Design and development are two stages of the process that should work closely together. Any discrepancy between the design and its implementation decreases the efficiency of the entire process. This is particularly evident in products where various companies are involved in the design and development phase.
Avoiding chaos in communication is almost impossible, even with the help of tools such as design systems, which serve to facilitate the process of transferring the project from the designers to the development team. Due to the human factor and the lack of fluent communication, the product development process will constantly run into speed bumps, and the final effect may be qualitatively different from what was expected.
Let's take this example – designing the signup process according to the best practices will most likely result in encountering API limitations that will not allow the design to be successfully implemented A better solution would be to analyze technical feasibility before starting the design phase. Then, adjust the design to the conditions and the environment in which it is implemented while trying to find small improvements to this infrastructure in order to improve the user experience. It sounds good, but it's almost impossible in a situation where design and development are carried out in two different places, by two different teams, and at different times.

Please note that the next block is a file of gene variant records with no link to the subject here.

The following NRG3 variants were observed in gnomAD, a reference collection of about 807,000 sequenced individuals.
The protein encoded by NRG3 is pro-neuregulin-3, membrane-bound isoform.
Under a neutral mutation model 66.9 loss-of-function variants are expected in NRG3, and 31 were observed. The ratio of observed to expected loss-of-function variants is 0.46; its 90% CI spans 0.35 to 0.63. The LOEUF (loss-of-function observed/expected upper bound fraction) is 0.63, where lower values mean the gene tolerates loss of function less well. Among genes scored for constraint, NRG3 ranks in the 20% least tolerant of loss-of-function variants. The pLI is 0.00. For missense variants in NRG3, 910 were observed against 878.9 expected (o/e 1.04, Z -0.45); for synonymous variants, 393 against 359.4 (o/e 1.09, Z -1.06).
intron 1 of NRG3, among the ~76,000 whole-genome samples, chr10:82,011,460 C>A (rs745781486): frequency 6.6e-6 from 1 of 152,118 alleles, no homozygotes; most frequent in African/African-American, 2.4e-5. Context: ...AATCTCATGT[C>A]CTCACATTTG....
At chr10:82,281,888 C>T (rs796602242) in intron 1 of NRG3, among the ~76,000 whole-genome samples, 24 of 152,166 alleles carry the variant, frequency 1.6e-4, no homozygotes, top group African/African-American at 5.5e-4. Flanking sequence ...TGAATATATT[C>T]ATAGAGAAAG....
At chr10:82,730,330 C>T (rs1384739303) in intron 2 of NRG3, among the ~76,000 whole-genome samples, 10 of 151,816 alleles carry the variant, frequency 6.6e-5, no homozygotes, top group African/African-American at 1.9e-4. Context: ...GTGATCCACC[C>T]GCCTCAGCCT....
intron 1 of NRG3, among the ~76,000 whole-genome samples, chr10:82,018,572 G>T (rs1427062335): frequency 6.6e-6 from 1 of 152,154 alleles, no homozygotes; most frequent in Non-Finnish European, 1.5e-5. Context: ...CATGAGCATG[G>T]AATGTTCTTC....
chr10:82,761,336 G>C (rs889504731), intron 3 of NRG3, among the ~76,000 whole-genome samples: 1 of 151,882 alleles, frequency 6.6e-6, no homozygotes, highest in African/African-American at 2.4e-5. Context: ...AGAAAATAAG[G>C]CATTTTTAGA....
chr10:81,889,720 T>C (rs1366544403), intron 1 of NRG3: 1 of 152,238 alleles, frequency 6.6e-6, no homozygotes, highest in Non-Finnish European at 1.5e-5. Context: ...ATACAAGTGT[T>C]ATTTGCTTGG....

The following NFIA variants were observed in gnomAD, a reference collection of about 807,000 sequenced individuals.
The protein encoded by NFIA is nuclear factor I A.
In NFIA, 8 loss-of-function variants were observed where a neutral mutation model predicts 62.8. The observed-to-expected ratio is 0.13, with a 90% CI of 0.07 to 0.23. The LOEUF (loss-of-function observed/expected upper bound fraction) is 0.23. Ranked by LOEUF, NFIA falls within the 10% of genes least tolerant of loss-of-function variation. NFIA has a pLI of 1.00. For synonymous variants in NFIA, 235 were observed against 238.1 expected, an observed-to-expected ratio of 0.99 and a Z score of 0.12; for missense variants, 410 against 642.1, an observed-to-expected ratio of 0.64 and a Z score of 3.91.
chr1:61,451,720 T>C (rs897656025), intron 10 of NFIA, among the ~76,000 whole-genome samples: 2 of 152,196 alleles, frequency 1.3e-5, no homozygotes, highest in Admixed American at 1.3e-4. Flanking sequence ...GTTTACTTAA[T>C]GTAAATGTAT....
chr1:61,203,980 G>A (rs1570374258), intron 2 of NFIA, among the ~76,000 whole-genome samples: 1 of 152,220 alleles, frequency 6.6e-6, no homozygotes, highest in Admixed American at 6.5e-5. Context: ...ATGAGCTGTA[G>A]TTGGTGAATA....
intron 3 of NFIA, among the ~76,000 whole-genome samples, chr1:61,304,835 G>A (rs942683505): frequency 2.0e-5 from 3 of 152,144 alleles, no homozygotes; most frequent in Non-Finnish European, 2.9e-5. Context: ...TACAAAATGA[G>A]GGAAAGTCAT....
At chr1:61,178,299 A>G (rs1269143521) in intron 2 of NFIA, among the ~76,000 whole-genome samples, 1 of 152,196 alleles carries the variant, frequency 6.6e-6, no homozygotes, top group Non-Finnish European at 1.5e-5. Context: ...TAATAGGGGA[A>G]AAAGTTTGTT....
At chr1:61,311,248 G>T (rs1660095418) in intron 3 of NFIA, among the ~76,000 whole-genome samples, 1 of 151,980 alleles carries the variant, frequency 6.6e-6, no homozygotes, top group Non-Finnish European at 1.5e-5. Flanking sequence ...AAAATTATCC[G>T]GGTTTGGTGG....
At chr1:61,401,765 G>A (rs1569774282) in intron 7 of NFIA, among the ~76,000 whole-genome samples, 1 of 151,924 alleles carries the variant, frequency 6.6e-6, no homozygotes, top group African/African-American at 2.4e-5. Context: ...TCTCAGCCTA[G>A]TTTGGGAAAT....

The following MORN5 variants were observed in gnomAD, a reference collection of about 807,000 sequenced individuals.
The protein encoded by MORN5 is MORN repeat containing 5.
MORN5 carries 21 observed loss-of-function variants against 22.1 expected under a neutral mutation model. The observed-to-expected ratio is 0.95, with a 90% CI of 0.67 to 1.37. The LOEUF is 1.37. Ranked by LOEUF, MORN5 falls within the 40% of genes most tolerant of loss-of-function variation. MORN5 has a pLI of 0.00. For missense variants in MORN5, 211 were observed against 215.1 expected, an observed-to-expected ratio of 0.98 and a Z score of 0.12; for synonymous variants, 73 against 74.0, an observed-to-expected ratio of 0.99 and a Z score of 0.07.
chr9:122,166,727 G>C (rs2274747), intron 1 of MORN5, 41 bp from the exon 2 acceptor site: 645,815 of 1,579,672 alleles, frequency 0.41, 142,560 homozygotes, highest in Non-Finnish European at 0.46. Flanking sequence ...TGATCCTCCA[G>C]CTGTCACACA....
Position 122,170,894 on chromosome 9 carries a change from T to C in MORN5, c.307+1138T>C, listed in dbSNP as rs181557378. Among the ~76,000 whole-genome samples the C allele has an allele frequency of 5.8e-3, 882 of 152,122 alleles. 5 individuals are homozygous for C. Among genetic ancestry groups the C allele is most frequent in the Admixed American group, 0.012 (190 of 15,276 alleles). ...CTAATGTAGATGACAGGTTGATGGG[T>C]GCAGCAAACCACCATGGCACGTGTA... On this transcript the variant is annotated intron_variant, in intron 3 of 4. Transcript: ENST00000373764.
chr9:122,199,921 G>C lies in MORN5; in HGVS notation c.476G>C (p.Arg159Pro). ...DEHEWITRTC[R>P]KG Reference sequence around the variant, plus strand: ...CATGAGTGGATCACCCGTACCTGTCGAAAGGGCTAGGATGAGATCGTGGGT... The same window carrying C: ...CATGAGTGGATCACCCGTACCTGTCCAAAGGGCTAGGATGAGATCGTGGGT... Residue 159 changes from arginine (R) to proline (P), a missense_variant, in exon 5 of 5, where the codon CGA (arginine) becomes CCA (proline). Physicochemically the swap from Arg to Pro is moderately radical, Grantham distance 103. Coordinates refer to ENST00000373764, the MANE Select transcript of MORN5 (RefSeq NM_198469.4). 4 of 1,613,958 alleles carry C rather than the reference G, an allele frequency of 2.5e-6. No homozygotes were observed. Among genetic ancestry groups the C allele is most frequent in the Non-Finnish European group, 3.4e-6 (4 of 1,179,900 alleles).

How can you avoid that? Limit the number of subcontractors, someone will say. Of course, this is easier said than done, especially if the tender has already been awarded. Another way out? Document everything. Designers need technical knowledge, and developers need to understand the intentions behind every visualization. Documentation is not the cure for all evil, but it will certainly contribute to improving the process of asynchronous knowledge exchange.
However, knowledge alone does not guarantee high quality of implementation. It must go hand in hand with a conscious effort to increase control over the entire process and capture a perspective on its development from a bird's eye view. It turns out that it is valuable to create a role in the team that will be responsible for coordination, directing the development and product quality, combining the competencies of many teams, and anticipating problems through appropriate schedule planning.